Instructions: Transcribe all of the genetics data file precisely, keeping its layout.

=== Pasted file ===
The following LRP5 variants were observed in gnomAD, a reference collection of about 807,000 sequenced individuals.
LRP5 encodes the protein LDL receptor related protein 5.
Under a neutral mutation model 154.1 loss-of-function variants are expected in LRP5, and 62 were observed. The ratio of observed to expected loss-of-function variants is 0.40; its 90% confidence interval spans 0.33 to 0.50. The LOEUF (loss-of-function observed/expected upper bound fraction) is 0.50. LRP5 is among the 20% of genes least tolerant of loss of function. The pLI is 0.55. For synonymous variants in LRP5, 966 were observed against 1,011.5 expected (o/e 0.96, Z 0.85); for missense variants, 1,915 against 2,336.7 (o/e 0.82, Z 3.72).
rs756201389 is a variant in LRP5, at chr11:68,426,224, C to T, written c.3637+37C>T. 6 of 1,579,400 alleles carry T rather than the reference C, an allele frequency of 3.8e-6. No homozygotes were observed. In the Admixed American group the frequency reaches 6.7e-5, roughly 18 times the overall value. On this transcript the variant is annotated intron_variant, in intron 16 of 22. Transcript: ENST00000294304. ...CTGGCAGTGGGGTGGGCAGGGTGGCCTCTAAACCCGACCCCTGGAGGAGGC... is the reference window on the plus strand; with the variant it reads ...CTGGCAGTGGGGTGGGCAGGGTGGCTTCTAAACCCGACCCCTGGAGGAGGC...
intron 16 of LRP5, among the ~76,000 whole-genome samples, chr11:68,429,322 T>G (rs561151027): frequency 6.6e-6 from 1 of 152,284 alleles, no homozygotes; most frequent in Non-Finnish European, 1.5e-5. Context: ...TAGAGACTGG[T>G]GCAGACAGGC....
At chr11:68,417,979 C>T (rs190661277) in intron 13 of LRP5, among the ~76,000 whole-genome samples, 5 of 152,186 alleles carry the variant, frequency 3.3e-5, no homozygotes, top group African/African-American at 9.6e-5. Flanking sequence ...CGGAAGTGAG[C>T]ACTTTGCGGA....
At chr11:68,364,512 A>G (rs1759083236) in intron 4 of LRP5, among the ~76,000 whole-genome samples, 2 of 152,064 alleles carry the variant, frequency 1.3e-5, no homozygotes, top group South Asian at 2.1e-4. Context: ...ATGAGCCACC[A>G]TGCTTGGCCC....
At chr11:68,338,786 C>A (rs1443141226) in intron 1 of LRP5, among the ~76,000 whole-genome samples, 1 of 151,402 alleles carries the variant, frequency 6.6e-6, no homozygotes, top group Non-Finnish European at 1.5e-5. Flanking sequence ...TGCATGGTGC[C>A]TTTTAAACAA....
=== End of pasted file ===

The following LRP5 variants were observed in gnomAD, a reference collection of about 807,000 sequenced individuals.
LRP5 encodes the protein LDL receptor related protein 5.
Under a neutral mutation model 154.1 loss-of-function variants are expected in LRP5, and 62 were observed. The ratio of observed to expected loss-of-function variants is 0.40; its 90% confidence interval spans 0.33 to 0.50. The LOEUF (loss-of-function observed/expected upper bound fraction) is 0.50. LRP5 is among the 20% of genes least tolerant of loss of function. The pLI is 0.55. For synonymous variants in LRP5, 966 were observed against 1,011.5 expected (o/e 0.96, Z 0.85); for missense variants, 1,915 against 2,336.7 (o/e 0.82, Z 3.72).
rs756201389 is a variant in LRP5, at chr11:68,426,224, C to T, written c.3637+37C>T. 6 of 1,579,400 alleles carry T rather than the reference C, an allele frequency of 3.8e-6. No homozygotes were observed. In the Admixed American group the frequency reaches 6.7e-5, roughly 18 times the overall value. On this transcript the variant is annotated intron_variant, in intron 16 of 22. Transcript: ENST00000294304. ...CTGGCAGTGGGGTGGGCAGGGTGGCCTCTAAACCCGACCCCTGGAGGAGGC... is the reference window on the plus strand; with the variant it reads ...CTGGCAGTGGGGTGGGCAGGGTGGCTTCTAAACCCGACCCCTGGAGGAGGC...
intron 16 of LRP5, among the ~76,000 whole-genome samples, chr11:68,429,322 T>G (rs561151027): frequency 6.6e-6 from 1 of 152,284 alleles, no homozygotes; most frequent in Non-Finnish European, 1.5e-5. Context: ...TAGAGACTGG[T>G]GCAGACAGGC....
At chr11:68,417,979 C>T (rs190661277) in intron 13 of LRP5, among the ~76,000 whole-genome samples, 5 of 152,186 alleles carry the variant, frequency 3.3e-5, no homozygotes, top group African/African-American at 9.6e-5. Flanking sequence ...CGGAAGTGAG[C>T]ACTTTGCGGA....
At chr11:68,364,512 A>G (rs1759083236) in intron 4 of LRP5, among the ~76,000 whole-genome samples, 2 of 152,064 alleles carry the variant, frequency 1.3e-5, no homozygotes, top group South Asian at 2.1e-4. Context: ...ATGAGCCACC[A>G]TGCTTGGCCC....
At chr11:68,338,786 C>A (rs1443141226) in intron 1 of LRP5, among the ~76,000 whole-genome samples, 1 of 151,402 alleles carries the variant, frequency 6.6e-6, no homozygotes, top group Non-Finnish European at 1.5e-5. Flanking sequence ...TGCATGGTGC[C>A]TTTTAAACAA....